Regarding this particular fact situation, a relevant way to assess the validity of DOMAINE's concerns would be to seek information from DOMAINE on its own costs and profitability. If CHATEAU's price is above DOMAINE's own costs, the Bureau would conclude that DOMAINE is not likely to be excluded by the pricing strategy and as a result, the requirements of paragraph 79(1)(c) are not likely met. Further, this would cast doubt on the assertion that CHATEAU is pricing below its own costs.

In the event the Bureau had reason to believe that CHATEAU was pricing below cost and that this may have anti‑competitive effects, the Bureau would seek information from CHATEAU regarding costs and revenues, as well as qualitative information to assist the Bureau in determining which costs are avoidable. Information on the extent to which certain costs are avoidable could also be obtained from DOMAINE, other ice wine producers and/or industry experts.

When assessing CHATEAU's average avoidable costs, the Bureau's focus will be on determining those costs that would have been avoided had CHATEAU not produced and sold the wine subject to the pricing strategy. For simplicity, assume that there are four categories of costs that CHATEAU incurs:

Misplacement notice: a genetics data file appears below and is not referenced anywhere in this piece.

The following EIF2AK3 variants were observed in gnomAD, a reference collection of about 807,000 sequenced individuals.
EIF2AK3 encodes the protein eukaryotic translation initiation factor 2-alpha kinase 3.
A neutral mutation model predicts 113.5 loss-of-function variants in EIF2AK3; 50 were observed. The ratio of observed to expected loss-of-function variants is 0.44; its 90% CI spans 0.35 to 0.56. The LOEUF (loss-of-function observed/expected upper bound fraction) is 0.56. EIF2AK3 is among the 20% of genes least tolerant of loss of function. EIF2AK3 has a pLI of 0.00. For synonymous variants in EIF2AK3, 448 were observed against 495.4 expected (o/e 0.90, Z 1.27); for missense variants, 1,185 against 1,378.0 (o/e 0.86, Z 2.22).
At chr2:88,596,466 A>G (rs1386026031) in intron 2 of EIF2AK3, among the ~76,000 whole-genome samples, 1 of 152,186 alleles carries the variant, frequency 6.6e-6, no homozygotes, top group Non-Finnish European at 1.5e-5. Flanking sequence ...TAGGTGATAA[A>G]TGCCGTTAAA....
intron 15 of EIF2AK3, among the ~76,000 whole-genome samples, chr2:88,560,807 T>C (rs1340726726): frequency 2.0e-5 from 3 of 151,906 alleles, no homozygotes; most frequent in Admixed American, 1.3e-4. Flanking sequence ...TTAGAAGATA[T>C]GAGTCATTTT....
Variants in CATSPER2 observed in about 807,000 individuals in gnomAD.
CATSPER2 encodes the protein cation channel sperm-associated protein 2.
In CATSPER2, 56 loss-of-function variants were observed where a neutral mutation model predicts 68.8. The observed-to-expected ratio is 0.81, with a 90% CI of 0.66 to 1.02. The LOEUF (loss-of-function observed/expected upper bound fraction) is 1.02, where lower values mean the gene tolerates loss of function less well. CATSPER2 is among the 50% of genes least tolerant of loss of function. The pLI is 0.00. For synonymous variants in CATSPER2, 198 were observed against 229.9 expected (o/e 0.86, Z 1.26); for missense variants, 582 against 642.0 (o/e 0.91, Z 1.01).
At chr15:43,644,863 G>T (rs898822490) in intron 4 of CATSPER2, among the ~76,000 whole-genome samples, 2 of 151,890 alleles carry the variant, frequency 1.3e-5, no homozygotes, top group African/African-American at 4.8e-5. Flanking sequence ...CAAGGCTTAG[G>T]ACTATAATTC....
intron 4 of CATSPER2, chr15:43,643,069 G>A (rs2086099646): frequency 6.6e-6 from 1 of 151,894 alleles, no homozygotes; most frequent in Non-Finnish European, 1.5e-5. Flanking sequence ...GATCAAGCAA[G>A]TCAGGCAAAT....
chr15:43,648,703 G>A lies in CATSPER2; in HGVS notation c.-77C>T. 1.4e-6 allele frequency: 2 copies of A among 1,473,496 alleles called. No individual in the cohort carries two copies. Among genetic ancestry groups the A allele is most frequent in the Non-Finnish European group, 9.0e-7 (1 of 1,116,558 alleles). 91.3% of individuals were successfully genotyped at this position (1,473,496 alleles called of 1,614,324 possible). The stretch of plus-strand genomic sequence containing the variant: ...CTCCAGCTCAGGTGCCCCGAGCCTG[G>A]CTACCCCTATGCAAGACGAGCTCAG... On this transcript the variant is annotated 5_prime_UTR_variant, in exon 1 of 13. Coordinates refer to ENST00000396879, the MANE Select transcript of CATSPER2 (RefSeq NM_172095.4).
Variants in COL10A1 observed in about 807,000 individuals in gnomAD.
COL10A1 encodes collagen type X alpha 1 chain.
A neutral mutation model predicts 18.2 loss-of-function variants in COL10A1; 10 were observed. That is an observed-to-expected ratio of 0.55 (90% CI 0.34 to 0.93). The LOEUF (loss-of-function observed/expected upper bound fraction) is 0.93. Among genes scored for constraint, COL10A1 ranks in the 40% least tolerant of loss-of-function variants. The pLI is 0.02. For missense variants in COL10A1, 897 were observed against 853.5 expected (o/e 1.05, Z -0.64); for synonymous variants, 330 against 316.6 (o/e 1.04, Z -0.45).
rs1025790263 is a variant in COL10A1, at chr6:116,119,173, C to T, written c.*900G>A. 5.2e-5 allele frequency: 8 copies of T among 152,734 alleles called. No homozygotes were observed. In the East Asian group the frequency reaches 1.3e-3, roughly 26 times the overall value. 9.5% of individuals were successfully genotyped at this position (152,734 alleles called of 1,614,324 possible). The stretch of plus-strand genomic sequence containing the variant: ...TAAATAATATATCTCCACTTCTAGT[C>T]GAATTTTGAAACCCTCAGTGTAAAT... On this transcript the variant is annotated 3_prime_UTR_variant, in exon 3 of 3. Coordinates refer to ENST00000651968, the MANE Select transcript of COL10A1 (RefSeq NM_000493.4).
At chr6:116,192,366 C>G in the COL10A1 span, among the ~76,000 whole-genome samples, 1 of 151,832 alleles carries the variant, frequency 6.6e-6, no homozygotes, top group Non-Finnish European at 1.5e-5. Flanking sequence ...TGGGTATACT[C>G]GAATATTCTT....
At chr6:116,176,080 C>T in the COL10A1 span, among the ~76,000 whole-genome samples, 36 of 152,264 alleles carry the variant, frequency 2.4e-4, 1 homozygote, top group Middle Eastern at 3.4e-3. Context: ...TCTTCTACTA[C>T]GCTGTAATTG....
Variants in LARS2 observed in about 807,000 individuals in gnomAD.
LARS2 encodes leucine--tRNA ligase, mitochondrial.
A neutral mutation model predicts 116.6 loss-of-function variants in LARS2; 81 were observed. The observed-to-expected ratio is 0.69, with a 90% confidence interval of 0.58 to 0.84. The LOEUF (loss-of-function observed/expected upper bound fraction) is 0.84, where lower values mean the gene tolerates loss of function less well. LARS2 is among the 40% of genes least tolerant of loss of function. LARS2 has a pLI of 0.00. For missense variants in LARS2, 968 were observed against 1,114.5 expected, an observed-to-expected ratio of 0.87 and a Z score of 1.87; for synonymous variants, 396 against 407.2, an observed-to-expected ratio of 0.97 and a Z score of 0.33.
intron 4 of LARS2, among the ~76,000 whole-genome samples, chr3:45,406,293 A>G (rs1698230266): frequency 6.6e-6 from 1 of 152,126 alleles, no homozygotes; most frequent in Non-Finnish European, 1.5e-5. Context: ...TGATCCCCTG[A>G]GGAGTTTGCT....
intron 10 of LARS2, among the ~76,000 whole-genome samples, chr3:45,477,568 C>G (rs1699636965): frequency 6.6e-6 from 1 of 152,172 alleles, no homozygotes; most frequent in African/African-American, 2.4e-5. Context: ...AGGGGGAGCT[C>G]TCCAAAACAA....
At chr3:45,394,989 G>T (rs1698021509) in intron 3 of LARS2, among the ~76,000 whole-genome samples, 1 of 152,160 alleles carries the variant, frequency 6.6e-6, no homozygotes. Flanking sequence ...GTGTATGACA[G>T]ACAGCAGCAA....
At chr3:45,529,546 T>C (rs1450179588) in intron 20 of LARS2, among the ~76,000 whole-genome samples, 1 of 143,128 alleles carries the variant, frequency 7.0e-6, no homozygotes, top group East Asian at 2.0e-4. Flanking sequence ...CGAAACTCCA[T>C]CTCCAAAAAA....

• Bottles: CHATEAU purchases bottles shortly before bottling a given vintage based on the quantity it needs;
  • Barrels: CHATEAU has a fixed stock of aging barrels, which is larger than what it typically requires at any time and CHATEAU rents excess barrels out to other vineyards;
  • Labour: CHATEAU has a permanent staff who can only be fired in extreme circumstances, and hires seasonal labour to assist with grape planting, harvesting, processing, and bottling; and
  • Land: CHATEAU is 68 years into a 100 year lease for the land the vineyard is situated on, cannot increase or reduce the amount of land it leases, and cannot use the land for any other purpose.